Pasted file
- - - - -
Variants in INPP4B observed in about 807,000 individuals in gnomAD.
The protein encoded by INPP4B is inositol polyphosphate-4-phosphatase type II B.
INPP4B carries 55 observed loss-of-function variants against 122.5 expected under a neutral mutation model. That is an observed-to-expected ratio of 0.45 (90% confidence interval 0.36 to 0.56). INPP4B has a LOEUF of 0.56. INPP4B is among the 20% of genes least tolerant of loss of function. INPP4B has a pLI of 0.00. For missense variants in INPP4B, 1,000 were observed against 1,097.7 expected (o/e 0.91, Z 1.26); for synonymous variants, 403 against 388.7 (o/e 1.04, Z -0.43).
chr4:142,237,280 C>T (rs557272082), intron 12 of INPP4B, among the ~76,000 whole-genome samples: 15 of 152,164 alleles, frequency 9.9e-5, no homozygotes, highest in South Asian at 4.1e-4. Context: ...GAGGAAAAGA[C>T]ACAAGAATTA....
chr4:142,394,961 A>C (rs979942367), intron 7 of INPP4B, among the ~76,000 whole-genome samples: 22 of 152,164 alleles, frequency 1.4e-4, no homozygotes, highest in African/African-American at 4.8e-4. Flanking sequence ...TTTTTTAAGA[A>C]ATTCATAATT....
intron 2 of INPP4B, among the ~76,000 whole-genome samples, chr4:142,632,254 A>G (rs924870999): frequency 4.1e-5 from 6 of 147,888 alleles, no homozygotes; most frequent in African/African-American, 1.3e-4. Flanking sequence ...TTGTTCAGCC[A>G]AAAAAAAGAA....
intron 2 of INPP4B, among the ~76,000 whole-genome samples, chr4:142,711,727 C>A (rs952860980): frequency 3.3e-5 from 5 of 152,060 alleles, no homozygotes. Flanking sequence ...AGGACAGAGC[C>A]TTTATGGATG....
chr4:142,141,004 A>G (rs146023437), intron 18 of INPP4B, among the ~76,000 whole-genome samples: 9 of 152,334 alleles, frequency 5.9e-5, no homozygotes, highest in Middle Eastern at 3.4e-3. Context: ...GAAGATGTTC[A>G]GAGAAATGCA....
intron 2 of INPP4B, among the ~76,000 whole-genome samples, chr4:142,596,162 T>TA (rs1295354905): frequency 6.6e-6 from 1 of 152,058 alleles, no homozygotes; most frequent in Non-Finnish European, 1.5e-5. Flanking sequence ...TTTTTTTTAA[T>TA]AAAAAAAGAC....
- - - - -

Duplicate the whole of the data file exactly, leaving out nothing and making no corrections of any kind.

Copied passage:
Variants in INPP4B observed in about 807,000 individuals in gnomAD.
The protein encoded by INPP4B is inositol polyphosphate-4-phosphatase type II B.
INPP4B carries 55 observed loss-of-function variants against 122.5 expected under a neutral mutation model. That is an observed-to-expected ratio of 0.45 (90% confidence interval 0.36 to 0.56). INPP4B has a LOEUF of 0.56. INPP4B is among the 20% of genes least tolerant of loss of function. INPP4B has a pLI of 0.00. For missense variants in INPP4B, 1,000 were observed against 1,097.7 expected (o/e 0.91, Z 1.26); for synonymous variants, 403 against 388.7 (o/e 1.04, Z -0.43).
chr4:142,237,280 C>T (rs557272082), intron 12 of INPP4B, among the ~76,000 whole-genome samples: 15 of 152,164 alleles, frequency 9.9e-5, no homozygotes, highest in South Asian at 4.1e-4. Context: ...GAGGAAAAGA[C>T]ACAAGAATTA....
chr4:142,394,961 A>C (rs979942367), intron 7 of INPP4B, among the ~76,000 whole-genome samples: 22 of 152,164 alleles, frequency 1.4e-4, no homozygotes, highest in African/African-American at 4.8e-4. Flanking sequence ...TTTTTTAAGA[A>C]ATTCATAATT....
intron 2 of INPP4B, among the ~76,000 whole-genome samples, chr4:142,632,254 A>G (rs924870999): frequency 4.1e-5 from 6 of 147,888 alleles, no homozygotes; most frequent in African/African-American, 1.3e-4. Flanking sequence ...TTGTTCAGCC[A>G]AAAAAAAGAA....
intron 2 of INPP4B, among the ~76,000 whole-genome samples, chr4:142,711,727 C>A (rs952860980): frequency 3.3e-5 from 5 of 152,060 alleles, no homozygotes. Flanking sequence ...AGGACAGAGC[C>A]TTTATGGATG....
chr4:142,141,004 A>G (rs146023437), intron 18 of INPP4B, among the ~76,000 whole-genome samples: 9 of 152,334 alleles, frequency 5.9e-5, no homozygotes, highest in Middle Eastern at 3.4e-3. Context: ...GAAGATGTTC[A>G]GAGAAATGCA....
intron 2 of INPP4B, among the ~76,000 whole-genome samples, chr4:142,596,162 T>TA (rs1295354905): frequency 6.6e-6 from 1 of 152,058 alleles, no homozygotes; most frequent in Non-Finnish European, 1.5e-5. Flanking sequence ...TTTTTTTTAA[T>TA]AAAAAAAGAC....